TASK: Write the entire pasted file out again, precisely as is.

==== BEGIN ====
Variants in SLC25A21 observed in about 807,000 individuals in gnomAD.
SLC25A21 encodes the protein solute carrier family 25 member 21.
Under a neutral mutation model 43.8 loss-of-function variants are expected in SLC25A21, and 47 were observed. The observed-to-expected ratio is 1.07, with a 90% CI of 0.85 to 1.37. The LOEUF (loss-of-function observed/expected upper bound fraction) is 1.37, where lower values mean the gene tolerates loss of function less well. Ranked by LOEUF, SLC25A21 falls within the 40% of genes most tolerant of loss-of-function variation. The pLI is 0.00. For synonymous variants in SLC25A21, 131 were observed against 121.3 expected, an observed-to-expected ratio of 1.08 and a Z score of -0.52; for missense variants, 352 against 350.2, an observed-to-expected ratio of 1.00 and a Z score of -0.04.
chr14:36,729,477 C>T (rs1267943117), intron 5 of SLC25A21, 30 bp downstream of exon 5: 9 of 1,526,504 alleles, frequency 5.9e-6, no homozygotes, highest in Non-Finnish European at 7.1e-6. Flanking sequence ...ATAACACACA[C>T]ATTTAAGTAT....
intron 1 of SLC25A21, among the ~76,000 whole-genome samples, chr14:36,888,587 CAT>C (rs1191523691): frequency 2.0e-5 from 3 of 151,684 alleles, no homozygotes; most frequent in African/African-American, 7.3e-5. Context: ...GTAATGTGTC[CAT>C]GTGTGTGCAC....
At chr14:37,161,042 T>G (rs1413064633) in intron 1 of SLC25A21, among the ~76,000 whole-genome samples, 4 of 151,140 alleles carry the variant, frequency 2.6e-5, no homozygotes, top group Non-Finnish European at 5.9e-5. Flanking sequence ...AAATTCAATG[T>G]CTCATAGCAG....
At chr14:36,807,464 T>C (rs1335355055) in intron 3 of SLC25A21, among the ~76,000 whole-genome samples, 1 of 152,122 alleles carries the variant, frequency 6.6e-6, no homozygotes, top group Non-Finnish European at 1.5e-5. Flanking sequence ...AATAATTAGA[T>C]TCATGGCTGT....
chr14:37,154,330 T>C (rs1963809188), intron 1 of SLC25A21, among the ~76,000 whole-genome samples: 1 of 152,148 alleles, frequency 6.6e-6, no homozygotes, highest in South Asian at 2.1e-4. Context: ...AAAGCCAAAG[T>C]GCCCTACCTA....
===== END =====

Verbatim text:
Variants in SLC25A21 observed in about 807,000 individuals in gnomAD.
SLC25A21 encodes the protein solute carrier family 25 member 21.
Under a neutral mutation model 43.8 loss-of-function variants are expected in SLC25A21, and 47 were observed. The observed-to-expected ratio is 1.07, with a 90% CI of 0.85 to 1.37. The LOEUF (loss-of-function observed/expected upper bound fraction) is 1.37, where lower values mean the gene tolerates loss of function less well. Ranked by LOEUF, SLC25A21 falls within the 40% of genes most tolerant of loss-of-function variation. The pLI is 0.00. For synonymous variants in SLC25A21, 131 were observed against 121.3 expected, an observed-to-expected ratio of 1.08 and a Z score of -0.52; for missense variants, 352 against 350.2, an observed-to-expected ratio of 1.00 and a Z score of -0.04.
chr14:36,729,477 C>T (rs1267943117), intron 5 of SLC25A21, 30 bp downstream of exon 5: 9 of 1,526,504 alleles, frequency 5.9e-6, no homozygotes, highest in Non-Finnish European at 7.1e-6. Flanking sequence ...ATAACACACA[C>T]ATTTAAGTAT....
intron 1 of SLC25A21, among the ~76,000 whole-genome samples, chr14:36,888,587 CAT>C (rs1191523691): frequency 2.0e-5 from 3 of 151,684 alleles, no homozygotes; most frequent in African/African-American, 7.3e-5. Context: ...GTAATGTGTC[CAT>C]GTGTGTGCAC....
At chr14:37,161,042 T>G (rs1413064633) in intron 1 of SLC25A21, among the ~76,000 whole-genome samples, 4 of 151,140 alleles carry the variant, frequency 2.6e-5, no homozygotes, top group Non-Finnish European at 5.9e-5. Flanking sequence ...AAATTCAATG[T>G]CTCATAGCAG....
At chr14:36,807,464 T>C (rs1335355055) in intron 3 of SLC25A21, among the ~76,000 whole-genome samples, 1 of 152,122 alleles carries the variant, frequency 6.6e-6, no homozygotes, top group Non-Finnish European at 1.5e-5. Flanking sequence ...AATAATTAGA[T>C]TCATGGCTGT....
chr14:37,154,330 T>C (rs1963809188), intron 1 of SLC25A21, among the ~76,000 whole-genome samples: 1 of 152,148 alleles, frequency 6.6e-6, no homozygotes, highest in South Asian at 2.1e-4. Context: ...AAAGCCAAAG[T>C]GCCCTACCTA....